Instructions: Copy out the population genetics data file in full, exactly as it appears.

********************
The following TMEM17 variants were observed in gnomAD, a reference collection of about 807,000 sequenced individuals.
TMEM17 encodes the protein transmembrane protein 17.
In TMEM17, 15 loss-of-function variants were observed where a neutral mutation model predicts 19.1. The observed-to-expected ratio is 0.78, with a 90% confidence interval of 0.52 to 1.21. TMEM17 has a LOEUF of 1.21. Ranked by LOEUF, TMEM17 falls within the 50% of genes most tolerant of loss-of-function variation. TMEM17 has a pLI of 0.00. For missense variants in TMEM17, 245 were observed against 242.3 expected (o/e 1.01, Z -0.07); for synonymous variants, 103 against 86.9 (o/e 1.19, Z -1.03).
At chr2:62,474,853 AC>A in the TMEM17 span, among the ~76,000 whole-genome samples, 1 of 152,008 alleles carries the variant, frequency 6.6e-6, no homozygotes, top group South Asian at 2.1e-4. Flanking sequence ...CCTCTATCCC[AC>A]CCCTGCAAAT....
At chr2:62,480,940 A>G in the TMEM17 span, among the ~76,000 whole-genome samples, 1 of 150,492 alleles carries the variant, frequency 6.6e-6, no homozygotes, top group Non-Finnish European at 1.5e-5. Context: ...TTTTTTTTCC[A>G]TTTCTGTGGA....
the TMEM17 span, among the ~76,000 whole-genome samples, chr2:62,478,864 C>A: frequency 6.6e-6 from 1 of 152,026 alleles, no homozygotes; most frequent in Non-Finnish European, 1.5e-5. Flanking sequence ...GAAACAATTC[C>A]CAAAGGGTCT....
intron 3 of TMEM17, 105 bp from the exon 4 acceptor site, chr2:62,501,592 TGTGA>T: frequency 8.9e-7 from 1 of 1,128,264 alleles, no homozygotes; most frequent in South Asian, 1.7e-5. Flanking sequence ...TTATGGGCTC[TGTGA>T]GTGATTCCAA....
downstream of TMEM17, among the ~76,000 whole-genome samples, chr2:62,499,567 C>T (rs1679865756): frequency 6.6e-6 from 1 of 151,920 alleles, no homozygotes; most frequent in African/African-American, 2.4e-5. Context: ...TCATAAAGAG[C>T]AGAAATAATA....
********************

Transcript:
The following TMEM17 variants were observed in gnomAD, a reference collection of about 807,000 sequenced individuals.
TMEM17 encodes the protein transmembrane protein 17.
In TMEM17, 15 loss-of-function variants were observed where a neutral mutation model predicts 19.1. The observed-to-expected ratio is 0.78, with a 90% confidence interval of 0.52 to 1.21. TMEM17 has a LOEUF of 1.21. Ranked by LOEUF, TMEM17 falls within the 50% of genes most tolerant of loss-of-function variation. TMEM17 has a pLI of 0.00. For missense variants in TMEM17, 245 were observed against 242.3 expected (o/e 1.01, Z -0.07); for synonymous variants, 103 against 86.9 (o/e 1.19, Z -1.03).
At chr2:62,474,853 AC>A in the TMEM17 span, among the ~76,000 whole-genome samples, 1 of 152,008 alleles carries the variant, frequency 6.6e-6, no homozygotes, top group South Asian at 2.1e-4. Flanking sequence ...CCTCTATCCC[AC>A]CCCTGCAAAT....
At chr2:62,480,940 A>G in the TMEM17 span, among the ~76,000 whole-genome samples, 1 of 150,492 alleles carries the variant, frequency 6.6e-6, no homozygotes, top group Non-Finnish European at 1.5e-5. Context: ...TTTTTTTTCC[A>G]TTTCTGTGGA....
the TMEM17 span, among the ~76,000 whole-genome samples, chr2:62,478,864 C>A: frequency 6.6e-6 from 1 of 152,026 alleles, no homozygotes; most frequent in Non-Finnish European, 1.5e-5. Flanking sequence ...GAAACAATTC[C>A]CAAAGGGTCT....
intron 3 of TMEM17, 105 bp from the exon 4 acceptor site, chr2:62,501,592 TGTGA>T: frequency 8.9e-7 from 1 of 1,128,264 alleles, no homozygotes; most frequent in South Asian, 1.7e-5. Flanking sequence ...TTATGGGCTC[TGTGA>T]GTGATTCCAA....
downstream of TMEM17, among the ~76,000 whole-genome samples, chr2:62,499,567 C>T (rs1679865756): frequency 6.6e-6 from 1 of 151,920 alleles, no homozygotes; most frequent in African/African-American, 2.4e-5. Context: ...TCATAAAGAG[C>T]AGAAATAATA....